Advantages of DC hipot test compare to AC test

One of the advantages of using a DC test voltage is that the leakage current trip can be set to a much lower value than that of an AC test voltage. This would allow a manufacturer to filter those products that have marginal insulation, which would have been passed by an AC tester.

When using a dc hipot tester, the capacitors in the circuit could be highly charged and, therefore, a safe-discharge device or setup is needed. However, it is a good practice to always ensure that a product is discharged, regardless of the test voltage or its nature, before it is handled.

It applies the voltage gradually. By monitoring the current flow as voltages increase, an operator can detect a potential insulation breakdown before it occurs. A minor disadvantage of the dc hipot tester is that because dc test voltages are more difficult to generate, the cost of a dc tester may be slightly higher than that of an AC tester.

The main advantage of the DC test is DC Voltage does not produce harmful discharge as readily occur in AC. It can be applied at higher levels without risk or injuring good insulation. This higher potential can literally “sweep-out” far more local defects.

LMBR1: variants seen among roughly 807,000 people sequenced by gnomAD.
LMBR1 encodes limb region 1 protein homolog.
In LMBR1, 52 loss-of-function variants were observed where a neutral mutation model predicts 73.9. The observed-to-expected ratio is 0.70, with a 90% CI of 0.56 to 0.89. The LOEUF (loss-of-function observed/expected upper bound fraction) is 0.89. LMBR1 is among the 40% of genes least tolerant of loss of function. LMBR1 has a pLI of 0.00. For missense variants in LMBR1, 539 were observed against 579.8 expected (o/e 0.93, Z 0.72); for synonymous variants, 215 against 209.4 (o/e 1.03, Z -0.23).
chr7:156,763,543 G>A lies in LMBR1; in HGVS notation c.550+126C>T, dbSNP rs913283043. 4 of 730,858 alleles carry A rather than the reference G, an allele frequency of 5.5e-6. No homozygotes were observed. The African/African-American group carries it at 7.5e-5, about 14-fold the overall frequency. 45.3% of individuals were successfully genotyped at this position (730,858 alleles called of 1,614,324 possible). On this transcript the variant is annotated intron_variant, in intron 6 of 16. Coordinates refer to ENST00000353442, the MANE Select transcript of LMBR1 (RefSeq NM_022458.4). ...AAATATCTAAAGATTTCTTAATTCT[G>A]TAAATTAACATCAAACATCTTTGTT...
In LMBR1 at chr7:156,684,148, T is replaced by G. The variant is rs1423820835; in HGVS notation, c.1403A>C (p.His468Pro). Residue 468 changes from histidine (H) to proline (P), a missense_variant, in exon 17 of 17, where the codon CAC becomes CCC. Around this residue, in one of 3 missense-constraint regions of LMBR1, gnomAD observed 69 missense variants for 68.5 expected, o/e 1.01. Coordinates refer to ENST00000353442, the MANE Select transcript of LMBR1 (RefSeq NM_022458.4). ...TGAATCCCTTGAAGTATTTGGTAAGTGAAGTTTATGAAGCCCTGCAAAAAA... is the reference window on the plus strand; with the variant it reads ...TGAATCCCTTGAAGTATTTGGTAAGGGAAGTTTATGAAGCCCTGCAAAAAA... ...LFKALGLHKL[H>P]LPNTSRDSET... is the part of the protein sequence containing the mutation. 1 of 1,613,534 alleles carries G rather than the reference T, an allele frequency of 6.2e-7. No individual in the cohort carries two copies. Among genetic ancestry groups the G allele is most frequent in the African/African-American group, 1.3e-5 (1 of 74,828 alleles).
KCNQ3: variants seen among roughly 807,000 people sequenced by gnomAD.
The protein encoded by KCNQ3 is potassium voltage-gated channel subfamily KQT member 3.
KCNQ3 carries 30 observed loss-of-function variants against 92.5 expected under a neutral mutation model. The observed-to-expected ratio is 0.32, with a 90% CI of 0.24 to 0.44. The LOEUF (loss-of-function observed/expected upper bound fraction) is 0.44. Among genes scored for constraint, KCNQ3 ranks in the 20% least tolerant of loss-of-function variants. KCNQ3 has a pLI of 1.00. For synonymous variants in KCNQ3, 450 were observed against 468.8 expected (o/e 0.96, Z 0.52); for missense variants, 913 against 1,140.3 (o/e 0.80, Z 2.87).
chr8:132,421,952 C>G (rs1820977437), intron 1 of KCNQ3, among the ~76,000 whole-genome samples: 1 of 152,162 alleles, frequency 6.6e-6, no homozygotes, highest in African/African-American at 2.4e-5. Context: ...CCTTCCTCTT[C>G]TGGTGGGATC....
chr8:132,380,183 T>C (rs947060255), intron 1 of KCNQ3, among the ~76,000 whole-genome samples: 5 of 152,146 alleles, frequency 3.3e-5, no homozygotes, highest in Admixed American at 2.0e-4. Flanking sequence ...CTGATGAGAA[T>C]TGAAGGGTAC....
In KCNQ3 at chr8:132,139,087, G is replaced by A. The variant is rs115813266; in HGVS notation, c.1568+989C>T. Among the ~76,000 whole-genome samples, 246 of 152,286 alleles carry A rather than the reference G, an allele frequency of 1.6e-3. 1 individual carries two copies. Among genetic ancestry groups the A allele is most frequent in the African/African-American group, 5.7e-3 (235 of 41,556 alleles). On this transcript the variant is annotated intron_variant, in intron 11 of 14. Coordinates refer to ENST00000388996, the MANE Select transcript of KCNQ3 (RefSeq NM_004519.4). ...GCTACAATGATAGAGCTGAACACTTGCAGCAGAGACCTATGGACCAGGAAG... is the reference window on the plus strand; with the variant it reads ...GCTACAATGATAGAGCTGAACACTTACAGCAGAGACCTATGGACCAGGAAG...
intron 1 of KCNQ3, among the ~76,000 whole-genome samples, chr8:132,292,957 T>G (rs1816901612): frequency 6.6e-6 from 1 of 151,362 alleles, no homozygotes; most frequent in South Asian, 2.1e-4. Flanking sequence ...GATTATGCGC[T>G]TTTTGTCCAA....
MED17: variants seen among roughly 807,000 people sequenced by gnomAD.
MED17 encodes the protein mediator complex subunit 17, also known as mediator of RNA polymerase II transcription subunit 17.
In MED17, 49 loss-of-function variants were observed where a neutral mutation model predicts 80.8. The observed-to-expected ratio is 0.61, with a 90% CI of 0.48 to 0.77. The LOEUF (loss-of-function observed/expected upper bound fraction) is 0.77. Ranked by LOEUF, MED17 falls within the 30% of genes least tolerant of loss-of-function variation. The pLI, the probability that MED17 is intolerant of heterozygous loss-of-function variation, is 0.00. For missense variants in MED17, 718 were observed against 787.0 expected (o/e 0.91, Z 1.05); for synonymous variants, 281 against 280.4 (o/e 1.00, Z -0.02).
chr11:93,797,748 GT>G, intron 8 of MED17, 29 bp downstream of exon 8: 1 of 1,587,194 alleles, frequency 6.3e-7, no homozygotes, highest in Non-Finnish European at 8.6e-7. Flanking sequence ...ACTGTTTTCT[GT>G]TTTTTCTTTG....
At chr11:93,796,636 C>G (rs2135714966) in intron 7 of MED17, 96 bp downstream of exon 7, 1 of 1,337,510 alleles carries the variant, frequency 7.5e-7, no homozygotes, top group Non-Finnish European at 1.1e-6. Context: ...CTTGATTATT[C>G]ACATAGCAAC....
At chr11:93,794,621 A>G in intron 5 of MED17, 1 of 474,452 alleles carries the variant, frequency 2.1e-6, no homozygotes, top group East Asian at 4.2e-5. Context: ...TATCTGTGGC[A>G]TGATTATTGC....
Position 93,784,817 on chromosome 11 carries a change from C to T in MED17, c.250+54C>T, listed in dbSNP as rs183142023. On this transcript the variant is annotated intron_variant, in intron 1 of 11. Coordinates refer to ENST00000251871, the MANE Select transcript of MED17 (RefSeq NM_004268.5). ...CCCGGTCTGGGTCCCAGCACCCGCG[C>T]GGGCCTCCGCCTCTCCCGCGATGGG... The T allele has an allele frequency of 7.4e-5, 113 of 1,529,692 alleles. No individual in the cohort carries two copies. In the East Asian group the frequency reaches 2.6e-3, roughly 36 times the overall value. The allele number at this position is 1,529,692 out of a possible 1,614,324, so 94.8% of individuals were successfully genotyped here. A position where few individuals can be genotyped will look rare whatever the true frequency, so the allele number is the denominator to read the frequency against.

The simple series circuit path of a local defect is more easily carbonized or reduced in resistance by the dc leakage current than by ac, and the lower the fault path resistance becomes, the more the leakage current increased, thus producing a “snow balling” effect which leads to the small visible dielectric puncture usually observed. Since the dc is free of capacitive division, it is more effective in picking out mechanical damage as well as inclusions or areas in the dielectric which have lower resistance.

Carrying out High Voltage or High Potential (Hi-Pot) DC testing on XLPE insulated cables has a tendency to 'polarize' the insulation. It can also lead to capacitive space charges within the tiny anomalies in the insulation. These space charges will eventually form water trees which will seek a path to earth. The ideal test would be a frequency (50Hz/60Hz) test but the test equipment is size and weight restrictive, especially on long lengths of cable because of the charging current required. A VLF (Very Low Frequency) test is something of a compromise, a true sine wave (ac) test but low frequency. Therefore none of the destructive qualities of a dc test.

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